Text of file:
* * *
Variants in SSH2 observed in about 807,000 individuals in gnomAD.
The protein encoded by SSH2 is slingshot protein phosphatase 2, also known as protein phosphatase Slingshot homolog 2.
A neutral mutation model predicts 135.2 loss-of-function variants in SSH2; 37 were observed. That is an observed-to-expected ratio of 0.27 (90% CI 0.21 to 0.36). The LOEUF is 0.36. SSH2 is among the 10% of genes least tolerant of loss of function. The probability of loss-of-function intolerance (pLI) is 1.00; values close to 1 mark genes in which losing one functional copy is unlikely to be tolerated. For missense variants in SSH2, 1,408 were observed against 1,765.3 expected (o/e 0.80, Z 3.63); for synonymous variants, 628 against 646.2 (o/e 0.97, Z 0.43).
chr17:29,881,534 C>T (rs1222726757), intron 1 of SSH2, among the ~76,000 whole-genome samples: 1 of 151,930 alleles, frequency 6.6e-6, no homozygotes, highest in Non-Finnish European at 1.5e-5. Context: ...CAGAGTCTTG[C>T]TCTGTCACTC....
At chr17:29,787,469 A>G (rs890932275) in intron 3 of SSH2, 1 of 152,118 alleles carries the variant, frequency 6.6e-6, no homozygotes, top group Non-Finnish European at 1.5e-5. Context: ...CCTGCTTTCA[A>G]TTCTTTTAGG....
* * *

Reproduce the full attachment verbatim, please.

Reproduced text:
Variants in SSH2 observed in about 807,000 individuals in gnomAD.
The protein encoded by SSH2 is slingshot protein phosphatase 2, also known as protein phosphatase Slingshot homolog 2.
A neutral mutation model predicts 135.2 loss-of-function variants in SSH2; 37 were observed. That is an observed-to-expected ratio of 0.27 (90% CI 0.21 to 0.36). The LOEUF is 0.36. SSH2 is among the 10% of genes least tolerant of loss of function. The probability of loss-of-function intolerance (pLI) is 1.00; values close to 1 mark genes in which losing one functional copy is unlikely to be tolerated. For missense variants in SSH2, 1,408 were observed against 1,765.3 expected (o/e 0.80, Z 3.63); for synonymous variants, 628 against 646.2 (o/e 0.97, Z 0.43).
chr17:29,881,534 C>T (rs1222726757), intron 1 of SSH2, among the ~76,000 whole-genome samples: 1 of 151,930 alleles, frequency 6.6e-6, no homozygotes, highest in Non-Finnish European at 1.5e-5. Context: ...CAGAGTCTTG[C>T]TCTGTCACTC....
At chr17:29,787,469 A>G (rs890932275) in intron 3 of SSH2, 1 of 152,118 alleles carries the variant, frequency 6.6e-6, no homozygotes, top group Non-Finnish European at 1.5e-5. Context: ...CCTGCTTTCA[A>G]TTCTTTTAGG....